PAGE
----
When we arrived in Singapore in 2009, I absorbed all its rich detail from the pristine streets to the clouds of pesticide fogging the humid air. We began looking for a place to live, and an estate agent showed us around a flat. She flung open the door of a windowless 12ft by 5ft bomb shelter just off the kitchen. ‘Your maid will sleep in here,’ she said. ‘But there’s no window,’ I replied. ‘They don’t need things like that,’ she said.
We moved into this flat, which was part of a condo populated by families and the domestic helpers who lived with them. Blocks of flats sat around two swimming pools and everywhere there were palms, orchids, and carpet grass.
I didn’t know a soul. I reached out, talking to people, including many domestic helpers who began to share their stories with me. I have worked as a newspaper and magazine journalist for 20 years, and back then I realised that if some domestic helpers agreed to be interviewed, I could write a feature reflecting the low-wage experience of the then 201,000 female domestic workers in Singapore.
Some of the women didn’t want to talk, but others opened up about their lives back home in the Philippines, about their lack of rights in Singapore, about their relief in finding employers who cared about their welfare. One woman told me how she hadn’t earned any money for a year after she arrived in Singapore because her wages went towards paying back the employment agency for training expenses and other fees.
Another woman told me how she wanted to get fit, but when she went for a swim in the pool of the condo where she lived with her employers, a security guard demanded she get out because domestic workers weren’t allowed to use the facilities. I mentioned this to one British expat I was getting to know. ‘Too right,’ she said. ‘I mean they’re staff.’ This kind of attitude from employers abounded. ‘Oh, they’re village girls from the middle of nowhere,’ one woman, who employed a maid, said. Others told me how they locked their maids’ passports away and gave them curfews.
‘Your maid will sleep in here,’ she said. ‘But there’s no window,’ I replied. ‘They don’t need things like that,’ she said.
Some helpers described how they were banned from using any toilets in the apartments they worked and lived in, apart from the one assigned for their personal use beside the kitchen. One helper explained how she wasn’t allowed to use any of the apartment toilets at all and was forced to go downstairs to the communal toilets in the grounds of the condo. Other women talked of sexual abuse and bullying.
Most apartments in Singapore have a bomb shelter just like the one in the flat I was renting. Many helpers slept in these, but none of them complained about this to me. ‘Oh, it’s fine,’ said one woman. ‘I used to sleep on the floor under the table in the living room in one place I worked.’
Some of the women talked about the hours that past employers had made them work – 14 hour days, seven days a week. Indeed, it wasn’t until 2013 that domestic helpers in Singapore, who earn around 550 Singapore dollars (the equivalent of 305 pounds) per month, were given a legal right to one day of rest per week.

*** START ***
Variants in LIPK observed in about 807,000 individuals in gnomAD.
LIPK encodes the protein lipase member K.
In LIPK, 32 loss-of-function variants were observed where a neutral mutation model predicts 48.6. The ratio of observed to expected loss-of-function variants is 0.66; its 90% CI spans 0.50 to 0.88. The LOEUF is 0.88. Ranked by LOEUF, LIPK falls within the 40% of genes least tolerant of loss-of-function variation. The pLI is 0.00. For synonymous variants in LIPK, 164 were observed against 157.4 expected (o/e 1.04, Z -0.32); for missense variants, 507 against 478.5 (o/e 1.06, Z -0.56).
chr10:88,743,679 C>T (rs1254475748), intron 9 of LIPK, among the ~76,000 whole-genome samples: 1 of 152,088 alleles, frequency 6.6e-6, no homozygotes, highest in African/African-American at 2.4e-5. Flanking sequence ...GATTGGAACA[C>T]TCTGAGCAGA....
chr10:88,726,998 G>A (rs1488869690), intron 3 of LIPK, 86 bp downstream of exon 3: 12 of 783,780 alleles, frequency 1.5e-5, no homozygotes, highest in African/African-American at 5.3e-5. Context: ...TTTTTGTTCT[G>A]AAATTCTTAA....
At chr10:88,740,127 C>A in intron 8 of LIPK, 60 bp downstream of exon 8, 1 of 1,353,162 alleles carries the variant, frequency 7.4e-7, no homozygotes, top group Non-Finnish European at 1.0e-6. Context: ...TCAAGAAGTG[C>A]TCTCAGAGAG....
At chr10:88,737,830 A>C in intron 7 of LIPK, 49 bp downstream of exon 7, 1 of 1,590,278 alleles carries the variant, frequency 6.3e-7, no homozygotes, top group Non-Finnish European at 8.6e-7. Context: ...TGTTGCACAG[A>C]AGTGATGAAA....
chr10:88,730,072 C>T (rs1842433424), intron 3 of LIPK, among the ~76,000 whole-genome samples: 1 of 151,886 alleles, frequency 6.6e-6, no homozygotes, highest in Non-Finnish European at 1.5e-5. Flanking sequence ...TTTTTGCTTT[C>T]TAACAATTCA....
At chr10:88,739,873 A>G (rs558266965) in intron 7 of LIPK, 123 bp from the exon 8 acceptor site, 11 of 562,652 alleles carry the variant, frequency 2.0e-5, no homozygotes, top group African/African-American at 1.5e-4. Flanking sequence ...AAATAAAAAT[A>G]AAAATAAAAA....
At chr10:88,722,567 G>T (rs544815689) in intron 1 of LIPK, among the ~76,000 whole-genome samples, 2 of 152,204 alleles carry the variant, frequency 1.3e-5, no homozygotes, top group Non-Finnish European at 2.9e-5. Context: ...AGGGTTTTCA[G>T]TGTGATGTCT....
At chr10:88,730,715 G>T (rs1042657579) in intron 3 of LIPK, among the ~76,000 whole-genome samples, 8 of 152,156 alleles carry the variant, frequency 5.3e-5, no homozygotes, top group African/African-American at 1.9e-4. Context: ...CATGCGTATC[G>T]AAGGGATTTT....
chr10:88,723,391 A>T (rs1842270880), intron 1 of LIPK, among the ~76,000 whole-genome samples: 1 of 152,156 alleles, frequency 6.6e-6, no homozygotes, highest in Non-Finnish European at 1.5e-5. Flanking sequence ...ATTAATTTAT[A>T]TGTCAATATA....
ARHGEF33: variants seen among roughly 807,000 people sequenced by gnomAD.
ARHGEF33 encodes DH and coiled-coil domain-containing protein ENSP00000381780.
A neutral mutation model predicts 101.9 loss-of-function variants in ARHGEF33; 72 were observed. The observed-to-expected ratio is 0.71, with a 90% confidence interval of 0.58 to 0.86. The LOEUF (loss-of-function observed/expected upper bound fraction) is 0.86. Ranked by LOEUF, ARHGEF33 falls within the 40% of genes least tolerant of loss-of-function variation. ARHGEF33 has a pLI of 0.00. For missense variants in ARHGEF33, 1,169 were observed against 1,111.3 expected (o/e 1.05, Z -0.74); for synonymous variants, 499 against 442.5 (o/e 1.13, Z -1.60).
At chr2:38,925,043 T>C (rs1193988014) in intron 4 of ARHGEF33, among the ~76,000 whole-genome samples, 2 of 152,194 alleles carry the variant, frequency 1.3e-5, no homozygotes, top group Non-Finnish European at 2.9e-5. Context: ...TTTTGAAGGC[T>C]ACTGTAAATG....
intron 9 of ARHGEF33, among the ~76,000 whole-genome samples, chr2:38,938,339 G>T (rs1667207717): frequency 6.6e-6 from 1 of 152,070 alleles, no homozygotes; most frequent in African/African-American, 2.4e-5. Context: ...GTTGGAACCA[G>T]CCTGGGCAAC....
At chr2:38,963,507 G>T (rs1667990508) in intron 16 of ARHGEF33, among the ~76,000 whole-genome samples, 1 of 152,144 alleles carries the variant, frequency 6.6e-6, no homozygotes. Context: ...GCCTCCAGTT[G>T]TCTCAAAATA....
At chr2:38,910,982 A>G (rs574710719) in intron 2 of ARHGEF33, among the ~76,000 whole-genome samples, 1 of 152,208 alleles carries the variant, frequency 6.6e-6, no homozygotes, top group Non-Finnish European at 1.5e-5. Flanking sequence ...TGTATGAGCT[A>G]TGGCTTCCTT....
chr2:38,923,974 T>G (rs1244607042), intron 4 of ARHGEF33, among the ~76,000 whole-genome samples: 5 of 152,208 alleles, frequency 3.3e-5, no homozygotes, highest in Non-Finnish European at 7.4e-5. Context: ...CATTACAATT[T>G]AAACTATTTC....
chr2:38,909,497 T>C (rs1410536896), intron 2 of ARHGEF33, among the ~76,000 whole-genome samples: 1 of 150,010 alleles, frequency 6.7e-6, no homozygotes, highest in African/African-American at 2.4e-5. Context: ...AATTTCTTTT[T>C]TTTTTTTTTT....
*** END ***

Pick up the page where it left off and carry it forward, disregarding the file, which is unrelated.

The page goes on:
By 2015, Transient Workers Count Too estimated that 59 per cent of foreign domestic workers in Singapore still didn’t get a weekly day off. Today, there is still no statutory minimum wage for domestic workers, and they are not covered by Singapore’s employment act.
I came across a now defunct blog by an anonymous writer who called herself Tamarind. On it, she listed ‘house rules’ for helpers including washing hair daily, and not scolding the children. She also spoke of using secret cameras to spy on maids. It was then that I realised that the plight of female domestic workers was more than a feature; it was a book, and I started to write it.
During the two and a half years I lived in Singapore, I continued to research and write my book. Most of the helpers I spoke to were from the Philippines and they sent much of their money home to pay for their children’s educations and help out other members of their families. Their wages in Singapore exceeded their earning potential in the Philippines, so it seemed as if they were locked into overseas servitude, that this would be their lot for years to come.
‘Oh, it’s fine,’ said one woman. ‘I used to sleep on the floor under the table in the living room in one place I worked’
I wanted to know if there was some way out for the women. A friend of mine told me about Aidha, a college for the low-paid in Singapore which teaches money management and entrepreneurial skills. Her helper Alice* attended classes there every week. Aidha’s motto is, ‘Talent is universal, opportunity is not.’ My friend was determined to give Alice an opportunity, and Alice took that opportunity and turned it to her advantage. She now runs her own small business back in the Philippines hiring out motorcycles. And she’s answered many of my questions about life in the Philippines.
The Maid’s Room, indeed much of my fiction, is about people exposed to exploitation, but at the centre of all my stories is how, even in the harshest of circumstances, there can be joy.
In real life, there are rarely neat endings, but at a time when an estimated 67 million people are working as domestic helpers across the globe, and a quarter of these are afforded no legal rights at all, perhaps my novel might just be a small symbol of hope.
This is the Author’s Note to The Maid’s Room by Fiona Mitchell
* Names have been changed.